Life In and Around the Hunting Cabins

A Typical Hunting trip

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 Charles Ralph's CabinAs we pass around the Island you will see several isolated cabins in the marshes and on water. Many of these cabins were originally established as watch house for the remote oyster grounds around the Island. Today however they are typically used as hunting cabins and recreational facilities. The following is a description of a typical hunting trip to one of these cabins.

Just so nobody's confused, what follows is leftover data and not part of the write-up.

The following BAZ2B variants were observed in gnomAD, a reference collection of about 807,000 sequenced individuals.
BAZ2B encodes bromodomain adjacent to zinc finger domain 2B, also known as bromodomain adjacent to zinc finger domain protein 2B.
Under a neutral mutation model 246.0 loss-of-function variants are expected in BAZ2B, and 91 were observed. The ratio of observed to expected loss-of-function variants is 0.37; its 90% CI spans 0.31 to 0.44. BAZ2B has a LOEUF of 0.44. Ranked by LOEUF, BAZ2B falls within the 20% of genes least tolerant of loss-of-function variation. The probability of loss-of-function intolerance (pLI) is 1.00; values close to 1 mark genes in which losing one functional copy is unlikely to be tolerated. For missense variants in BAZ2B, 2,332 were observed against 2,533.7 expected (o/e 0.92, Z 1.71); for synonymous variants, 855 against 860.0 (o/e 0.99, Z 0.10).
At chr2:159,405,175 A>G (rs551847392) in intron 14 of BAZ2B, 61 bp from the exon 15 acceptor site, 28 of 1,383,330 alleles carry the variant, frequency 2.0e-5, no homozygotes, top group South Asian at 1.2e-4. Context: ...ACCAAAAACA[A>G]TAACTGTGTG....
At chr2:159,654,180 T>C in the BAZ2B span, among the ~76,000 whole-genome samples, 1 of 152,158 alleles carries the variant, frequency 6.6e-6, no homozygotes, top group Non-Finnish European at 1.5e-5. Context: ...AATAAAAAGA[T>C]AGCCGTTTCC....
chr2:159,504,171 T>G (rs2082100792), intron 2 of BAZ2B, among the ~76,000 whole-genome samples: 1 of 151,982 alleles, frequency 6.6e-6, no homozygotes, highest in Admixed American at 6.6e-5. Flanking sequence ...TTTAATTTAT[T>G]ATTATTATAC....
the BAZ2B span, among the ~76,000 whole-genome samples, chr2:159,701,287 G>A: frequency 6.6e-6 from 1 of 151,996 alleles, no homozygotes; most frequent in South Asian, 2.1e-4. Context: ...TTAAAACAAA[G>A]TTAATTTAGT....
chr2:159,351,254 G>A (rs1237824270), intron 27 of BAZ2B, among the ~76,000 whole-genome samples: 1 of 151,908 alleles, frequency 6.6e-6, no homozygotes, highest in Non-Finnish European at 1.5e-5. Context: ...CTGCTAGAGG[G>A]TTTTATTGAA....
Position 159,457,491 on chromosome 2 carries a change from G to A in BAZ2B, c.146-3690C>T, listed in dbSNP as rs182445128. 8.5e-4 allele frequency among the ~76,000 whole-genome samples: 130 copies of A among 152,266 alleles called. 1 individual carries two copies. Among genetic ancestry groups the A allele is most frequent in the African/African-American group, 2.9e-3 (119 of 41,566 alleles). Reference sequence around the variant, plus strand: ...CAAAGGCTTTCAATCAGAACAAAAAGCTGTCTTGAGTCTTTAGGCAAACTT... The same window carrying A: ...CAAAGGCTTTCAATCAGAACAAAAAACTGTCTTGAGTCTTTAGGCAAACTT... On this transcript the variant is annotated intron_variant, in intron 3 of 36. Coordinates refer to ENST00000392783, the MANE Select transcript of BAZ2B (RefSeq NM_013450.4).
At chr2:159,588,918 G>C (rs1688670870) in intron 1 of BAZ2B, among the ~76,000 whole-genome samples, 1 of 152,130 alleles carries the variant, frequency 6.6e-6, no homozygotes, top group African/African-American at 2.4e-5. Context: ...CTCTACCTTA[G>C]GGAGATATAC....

The trip would start on the morning of the Friday, after Thanksgiving, by going to the grocery store for the food, ice and water. These items were loaded into the boats with the hunting gear, stools, heating oilBoatsatthedock and gasoline. After launching and with good weather you could pull into the dock at the cabin in about a half an hour.  Arriving at the cabin the provisions were unloaded and the bunks were made up. The first order of business was filling the oil tank and starting the oil burner for some heat. Next the propane tank was connected to the main for the gas lights and the stove. Then a pot of soup, which had been prepared at home was put on the oil burner to simmer and a pot of coffee was started. A pot of coffee was kept ever ready on top of the oil heater. Plans were then made for supper with perhaps a chicken being put into the oven. Then there would be a short discussion about the pending hunt and each group of hunters would sail to their respective blinds and set out their stools.  The image on the lower left is the view from a blind over the stools.